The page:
Law Offices of Popper & Yatvin
Police Misconduct and
Insurance Coverage

Anatomy of a Police Shooting

Sometimes the road to success in a shooting case is paved with
more than constitutional claims.  
Clark & McCuff v. City of
Philadelphia, et al
. was just such a case.  Before it was over we
had litigated in state and federal court (twice each), under theories
of constitutional law, Dram Shop, premises liability, negligence,
insurance coverage and insurance bad faith.

On March 20, 1992, Shirley Clark and the late Douglas McCuff
were accidentally shot by a police officer who was responding to a
shooting in a bar by an intoxicated off-duty police officer.  The Civil
Rights claims against the officer and the City were settled in late
1994, along with the claims against the bar where the off-duty
officer started his night of drinking.  The case for negligence of the
second bar in padlocking the emergency exit, thereby preventing
Clark and McCuff from escaping the premises when the original
shooting occurred, was remanded to state court.

Insisting that there was no coverage under the assault and battery
exclusion of the bar’s insurance policy, the insurer refused to even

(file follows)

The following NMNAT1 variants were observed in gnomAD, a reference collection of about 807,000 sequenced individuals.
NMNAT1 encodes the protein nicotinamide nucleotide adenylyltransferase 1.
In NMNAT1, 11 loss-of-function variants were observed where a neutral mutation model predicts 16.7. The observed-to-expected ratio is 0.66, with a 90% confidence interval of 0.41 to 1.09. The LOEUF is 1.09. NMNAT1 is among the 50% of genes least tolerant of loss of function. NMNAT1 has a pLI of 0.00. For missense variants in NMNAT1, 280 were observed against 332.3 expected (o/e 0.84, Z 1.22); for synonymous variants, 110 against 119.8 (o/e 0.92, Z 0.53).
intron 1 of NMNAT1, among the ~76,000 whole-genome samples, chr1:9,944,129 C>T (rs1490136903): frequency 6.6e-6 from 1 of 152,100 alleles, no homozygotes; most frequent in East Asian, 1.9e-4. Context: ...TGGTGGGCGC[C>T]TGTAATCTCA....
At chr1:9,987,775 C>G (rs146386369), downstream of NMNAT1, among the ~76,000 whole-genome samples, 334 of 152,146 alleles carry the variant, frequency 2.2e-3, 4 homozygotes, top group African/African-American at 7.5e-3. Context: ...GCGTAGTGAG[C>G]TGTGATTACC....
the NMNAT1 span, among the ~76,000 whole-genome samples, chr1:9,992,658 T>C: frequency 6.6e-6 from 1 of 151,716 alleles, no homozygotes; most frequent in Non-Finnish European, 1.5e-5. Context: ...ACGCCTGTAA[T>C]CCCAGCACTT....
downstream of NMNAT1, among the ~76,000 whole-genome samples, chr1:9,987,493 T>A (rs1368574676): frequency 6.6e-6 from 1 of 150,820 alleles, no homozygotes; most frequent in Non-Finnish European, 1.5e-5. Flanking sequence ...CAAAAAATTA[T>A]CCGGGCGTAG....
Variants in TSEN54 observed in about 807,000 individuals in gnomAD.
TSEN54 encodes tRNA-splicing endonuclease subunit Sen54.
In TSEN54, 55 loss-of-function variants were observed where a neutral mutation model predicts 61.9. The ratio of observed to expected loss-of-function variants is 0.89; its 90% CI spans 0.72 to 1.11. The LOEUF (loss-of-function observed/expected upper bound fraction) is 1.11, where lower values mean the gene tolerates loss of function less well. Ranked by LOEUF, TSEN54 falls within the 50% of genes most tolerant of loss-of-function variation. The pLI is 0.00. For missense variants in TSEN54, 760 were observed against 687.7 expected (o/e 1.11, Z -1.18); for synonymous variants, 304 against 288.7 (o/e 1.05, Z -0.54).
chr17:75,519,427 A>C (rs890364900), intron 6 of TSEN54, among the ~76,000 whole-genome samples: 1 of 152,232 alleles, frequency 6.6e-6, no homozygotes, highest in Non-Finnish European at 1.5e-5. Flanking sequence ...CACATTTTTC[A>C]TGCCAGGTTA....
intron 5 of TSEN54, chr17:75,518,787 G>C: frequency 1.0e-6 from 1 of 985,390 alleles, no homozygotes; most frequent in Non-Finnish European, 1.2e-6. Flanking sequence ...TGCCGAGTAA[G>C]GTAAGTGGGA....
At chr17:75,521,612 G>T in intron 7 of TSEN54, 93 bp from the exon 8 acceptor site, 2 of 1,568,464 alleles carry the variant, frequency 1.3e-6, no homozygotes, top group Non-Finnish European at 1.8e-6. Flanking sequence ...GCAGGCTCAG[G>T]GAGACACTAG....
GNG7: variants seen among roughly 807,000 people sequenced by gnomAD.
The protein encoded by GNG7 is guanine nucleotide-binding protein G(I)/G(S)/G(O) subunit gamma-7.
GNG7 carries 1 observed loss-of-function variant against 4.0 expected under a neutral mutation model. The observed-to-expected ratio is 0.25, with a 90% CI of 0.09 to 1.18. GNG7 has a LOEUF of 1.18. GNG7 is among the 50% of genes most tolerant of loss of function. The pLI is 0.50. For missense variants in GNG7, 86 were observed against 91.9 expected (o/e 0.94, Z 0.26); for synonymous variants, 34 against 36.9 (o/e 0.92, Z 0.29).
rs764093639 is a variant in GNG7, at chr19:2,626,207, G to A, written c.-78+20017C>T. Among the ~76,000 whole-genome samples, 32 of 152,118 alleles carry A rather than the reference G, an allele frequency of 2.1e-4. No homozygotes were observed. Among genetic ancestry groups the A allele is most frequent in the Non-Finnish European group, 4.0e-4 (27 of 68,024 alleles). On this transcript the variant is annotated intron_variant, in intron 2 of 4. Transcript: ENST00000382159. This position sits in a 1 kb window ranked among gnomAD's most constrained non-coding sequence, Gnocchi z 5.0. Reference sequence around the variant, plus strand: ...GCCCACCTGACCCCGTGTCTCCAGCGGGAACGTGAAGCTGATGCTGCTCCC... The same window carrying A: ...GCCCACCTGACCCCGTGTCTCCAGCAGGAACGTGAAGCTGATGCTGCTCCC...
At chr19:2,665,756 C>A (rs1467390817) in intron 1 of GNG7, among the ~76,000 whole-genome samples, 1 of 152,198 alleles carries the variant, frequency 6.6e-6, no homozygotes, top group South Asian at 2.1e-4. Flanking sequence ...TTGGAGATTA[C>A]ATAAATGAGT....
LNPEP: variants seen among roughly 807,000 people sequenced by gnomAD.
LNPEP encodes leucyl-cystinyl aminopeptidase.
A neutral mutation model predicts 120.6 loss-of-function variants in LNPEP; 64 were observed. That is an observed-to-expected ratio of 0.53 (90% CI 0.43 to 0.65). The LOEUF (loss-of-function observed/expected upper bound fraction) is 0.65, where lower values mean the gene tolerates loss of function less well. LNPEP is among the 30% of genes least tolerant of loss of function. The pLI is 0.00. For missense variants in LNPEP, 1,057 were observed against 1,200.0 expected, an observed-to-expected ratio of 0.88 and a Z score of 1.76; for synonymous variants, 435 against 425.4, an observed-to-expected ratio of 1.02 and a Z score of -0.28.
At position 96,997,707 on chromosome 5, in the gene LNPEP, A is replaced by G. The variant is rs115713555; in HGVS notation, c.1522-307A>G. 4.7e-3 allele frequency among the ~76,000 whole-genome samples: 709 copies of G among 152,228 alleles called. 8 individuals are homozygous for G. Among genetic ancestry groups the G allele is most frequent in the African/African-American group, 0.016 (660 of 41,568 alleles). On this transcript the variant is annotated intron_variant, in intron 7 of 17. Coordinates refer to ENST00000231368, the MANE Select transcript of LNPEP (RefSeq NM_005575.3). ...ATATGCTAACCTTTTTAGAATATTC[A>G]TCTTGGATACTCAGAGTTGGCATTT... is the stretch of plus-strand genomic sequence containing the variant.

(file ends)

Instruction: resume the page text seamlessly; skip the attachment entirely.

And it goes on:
defend, let alone indemnify.  By rejecting plaintiffs’ policy limits
settlement proposal, the insurer left the bar open to substantially
greater damages, and itself open to a bad faith suit.

In the Spring of 1998, days before trial in Philadelphia Common
Pleas Court, the insurer filed a declaratory judgment action in
federal court.  Because the insurer did not seek a stay, the bench
trial proceeded in Common Pleas Court and verdicts were
rendered for plaintiffs.  The Court found that the padlocking of the
emergency exit was a proximate cause of the injuries.  The Court
also made a specific factual finding that the injury was the result of
an accidental shooting and not an intentional assault and battery.  
This finding was the final nail in the insurer’s coffin.

In January of 1999 the District Court granted our summary
judgment motion and dismissed the declaratory judgment action.   
The insurer settled for 65% above the policy limits while the case
was on appeal to the Third Circuit.

Sphere Drake v. 101 Variety, 35 F. Supp. 2d 421 (E.D.Pa. 1999).
The information in
these case
summaries is purely
from our
does not present
opposing views or
arguments.  The
summaries should not
be deemed